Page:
• This is a manageable spot for the Retrievers. The last meeting between the two teams went to overtime -- a 15-14 victory for the Hawks -- but that's not why UMBC has a solid chance to move on to the league's Saturday final: Possession margin should move in the Retrievers favor (due to stronger play at the dot) and the Retrievers' troubles with clearing the ball may not become too much of an issue against the Hawks. The extra offensive opportunities should allow UMBC to insulate its troublesome defense against overexposure (it has been the Retrievers problem all season in a myriad of ways, including finding consistency between the pipes (Wes DeRito has assumed control of the crease, but he's only holding a 46.4 save percentage) and in the field defense as a whole (just look at that defensive assist rate and the rate at which UMBC kills functional defensive opportunities)), but it does an additionally important thing -- the possession margin creates a safety net for UMBC's lack of ball protection. The Retrievers rank in the bottom third in the country with respect to functional offensive possessions that are lost via a turnover; in totem (regardless of posture), UMBC ranks 44th in turnovers per 100 total possessions (a significant portion of which are of the unforced variety). This is shotgun-aimed-at-foot territory, but possession margin -- that beautiful instance of lacrosse uniqueness -- allows for the Retrievers to move past its metal errors and rely on volume to work its magic. Hartford doesn't generate a lot of turnovers nor does it see its opponents spit the bit with the bean all that much, so a little more care from UMBC in valuing possession could merit large returns.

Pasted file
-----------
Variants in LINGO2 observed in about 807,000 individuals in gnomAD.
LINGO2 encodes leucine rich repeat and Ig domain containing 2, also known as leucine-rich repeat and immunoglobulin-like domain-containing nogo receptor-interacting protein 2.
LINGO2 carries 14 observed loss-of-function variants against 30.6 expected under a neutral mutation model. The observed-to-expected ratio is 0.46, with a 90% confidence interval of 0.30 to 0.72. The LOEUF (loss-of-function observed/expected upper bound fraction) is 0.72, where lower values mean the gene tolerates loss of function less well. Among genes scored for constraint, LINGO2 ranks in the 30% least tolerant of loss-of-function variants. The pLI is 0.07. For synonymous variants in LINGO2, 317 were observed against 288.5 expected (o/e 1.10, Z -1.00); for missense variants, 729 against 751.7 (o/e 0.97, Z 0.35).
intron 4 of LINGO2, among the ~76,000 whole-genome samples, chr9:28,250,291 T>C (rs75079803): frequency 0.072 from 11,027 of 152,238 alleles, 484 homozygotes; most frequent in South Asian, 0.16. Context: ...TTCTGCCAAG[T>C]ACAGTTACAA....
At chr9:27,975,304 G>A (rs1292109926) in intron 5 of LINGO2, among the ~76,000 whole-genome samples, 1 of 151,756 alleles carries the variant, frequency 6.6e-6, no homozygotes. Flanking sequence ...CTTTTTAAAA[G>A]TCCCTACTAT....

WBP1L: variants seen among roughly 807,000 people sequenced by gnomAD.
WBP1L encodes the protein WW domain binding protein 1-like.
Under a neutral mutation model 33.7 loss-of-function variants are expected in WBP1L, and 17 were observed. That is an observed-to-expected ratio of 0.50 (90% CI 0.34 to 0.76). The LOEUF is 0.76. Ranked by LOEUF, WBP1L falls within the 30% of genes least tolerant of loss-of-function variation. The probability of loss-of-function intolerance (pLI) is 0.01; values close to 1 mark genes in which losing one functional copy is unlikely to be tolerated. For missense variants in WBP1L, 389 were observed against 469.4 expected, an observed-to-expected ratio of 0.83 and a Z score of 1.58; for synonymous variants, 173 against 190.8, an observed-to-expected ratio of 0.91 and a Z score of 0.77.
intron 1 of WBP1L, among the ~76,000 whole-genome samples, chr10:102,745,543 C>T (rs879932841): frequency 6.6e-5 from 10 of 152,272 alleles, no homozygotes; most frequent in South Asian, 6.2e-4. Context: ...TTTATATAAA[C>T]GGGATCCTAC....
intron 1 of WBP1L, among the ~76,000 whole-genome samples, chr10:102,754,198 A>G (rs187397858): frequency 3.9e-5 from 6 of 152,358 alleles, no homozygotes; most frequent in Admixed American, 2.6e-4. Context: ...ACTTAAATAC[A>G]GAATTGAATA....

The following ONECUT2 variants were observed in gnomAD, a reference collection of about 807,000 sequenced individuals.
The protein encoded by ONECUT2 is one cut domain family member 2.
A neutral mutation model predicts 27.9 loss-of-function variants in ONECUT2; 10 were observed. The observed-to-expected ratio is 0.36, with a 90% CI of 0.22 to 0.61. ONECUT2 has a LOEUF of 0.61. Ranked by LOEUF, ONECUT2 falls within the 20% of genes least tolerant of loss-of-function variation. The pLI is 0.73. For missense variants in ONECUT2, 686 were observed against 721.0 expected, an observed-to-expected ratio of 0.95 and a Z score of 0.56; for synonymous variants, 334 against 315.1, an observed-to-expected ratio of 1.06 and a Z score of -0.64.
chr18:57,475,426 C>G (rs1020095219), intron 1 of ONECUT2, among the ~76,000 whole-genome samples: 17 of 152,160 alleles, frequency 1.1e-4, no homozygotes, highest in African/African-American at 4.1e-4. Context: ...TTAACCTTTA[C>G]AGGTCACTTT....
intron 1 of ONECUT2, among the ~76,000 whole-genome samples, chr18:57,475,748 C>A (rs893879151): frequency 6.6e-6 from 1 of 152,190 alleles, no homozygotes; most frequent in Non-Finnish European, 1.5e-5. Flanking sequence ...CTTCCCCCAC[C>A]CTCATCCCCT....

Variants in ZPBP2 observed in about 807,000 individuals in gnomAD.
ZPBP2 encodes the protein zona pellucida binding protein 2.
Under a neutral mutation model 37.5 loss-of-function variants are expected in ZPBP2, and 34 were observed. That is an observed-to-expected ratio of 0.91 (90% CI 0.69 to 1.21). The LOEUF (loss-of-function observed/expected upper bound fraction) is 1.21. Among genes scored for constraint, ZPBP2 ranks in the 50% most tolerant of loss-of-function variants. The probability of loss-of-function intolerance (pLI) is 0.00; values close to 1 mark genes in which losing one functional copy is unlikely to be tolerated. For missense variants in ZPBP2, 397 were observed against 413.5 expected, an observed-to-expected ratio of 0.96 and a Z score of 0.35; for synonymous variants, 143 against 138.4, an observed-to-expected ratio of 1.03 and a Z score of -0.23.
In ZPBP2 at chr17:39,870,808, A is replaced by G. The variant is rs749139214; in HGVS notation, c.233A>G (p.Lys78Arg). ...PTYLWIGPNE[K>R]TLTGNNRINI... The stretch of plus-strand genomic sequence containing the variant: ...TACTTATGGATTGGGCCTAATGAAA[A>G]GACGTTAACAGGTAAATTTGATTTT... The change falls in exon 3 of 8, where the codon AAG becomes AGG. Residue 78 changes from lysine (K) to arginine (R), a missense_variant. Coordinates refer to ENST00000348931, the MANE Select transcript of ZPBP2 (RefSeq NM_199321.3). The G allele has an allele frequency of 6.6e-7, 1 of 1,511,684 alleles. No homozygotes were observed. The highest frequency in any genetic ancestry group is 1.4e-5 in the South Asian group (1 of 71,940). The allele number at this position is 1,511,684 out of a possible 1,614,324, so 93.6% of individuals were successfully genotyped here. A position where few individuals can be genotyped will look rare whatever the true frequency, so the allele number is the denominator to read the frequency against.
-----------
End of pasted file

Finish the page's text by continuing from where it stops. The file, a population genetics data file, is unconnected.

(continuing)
• This is where Hartford needs to get its offense going. Kevin O'Shea, Rory Nunamacher, and Jack Bobzien are at the Hawks' core to create offense, but Hartford has struggled this season to generate tallies on an efficient basis following the departures of Carter Bender and Ryan Compitello. (You probably missed it, but the Hawks rolled with one of the strongest offenses in the country last season, sharing the ball with aplomb and picking corners all over the place. Unfortunately, the team's defense took a bit of the shine off of Hartford's offensive diamond.) This problem has been exacerbated by a straightforward fact (other than that the team is shooting around 27 percent as a whole and that its core of shooters -- O'Shea, Nunamacher, Jared Franze, and Andrew Cacchio -- aren't raising that rate (the foursome has combined for about 57 percent of Hartford's total attempts and is connecting on 27 percent of their shots): The Hawks' have struggled to give its offense -- which needs volume to make the scoreboard blink -- enough possessions keep things close (the team is playing at a possession deficit this season of almost three opportunities). The culprit here for Harford isn't necessarily poor faceoff play (where this issue finds its genesis for many teams), but rather in how the Hawks take advantage of their opportunities to generate offense -- only seven teams clear the ball at a rate worse than the Hawks' 81.97 percent mark. If Hartford had cleared at the national average this season, that's 10 more opportunities for the Hawks to conduct a functional offensive possession; at the team's efficiency rate, that's three more goals on the board. That doesn't sound like a lot, but when you flip the narrative -- those failed clears leading to extra opportunities for the opposition to score -- things begin to focus: There are potentially three goals that come off the board, leading to a plus-six situation for the Hawks. Hartford is -19 on the season, and a potential six-goal swing is the possible difference between a few wins and losses this season (the Hawks are 5-3 in games decided by three goals or less; in two of the losses -- against Stony Brook and Massachusetts -- Hartford cleared at well below the national average (82.35 and 81.25 percent, respectively)). The Hawks can't let these opportunities pass them by against the Retrievers. UMBC's defense is beatable -- and Hartford is capable of putting a hurt on it -- but the question remains whether the Hawks will create the opportunities necessary to throw a sufficient number of punches.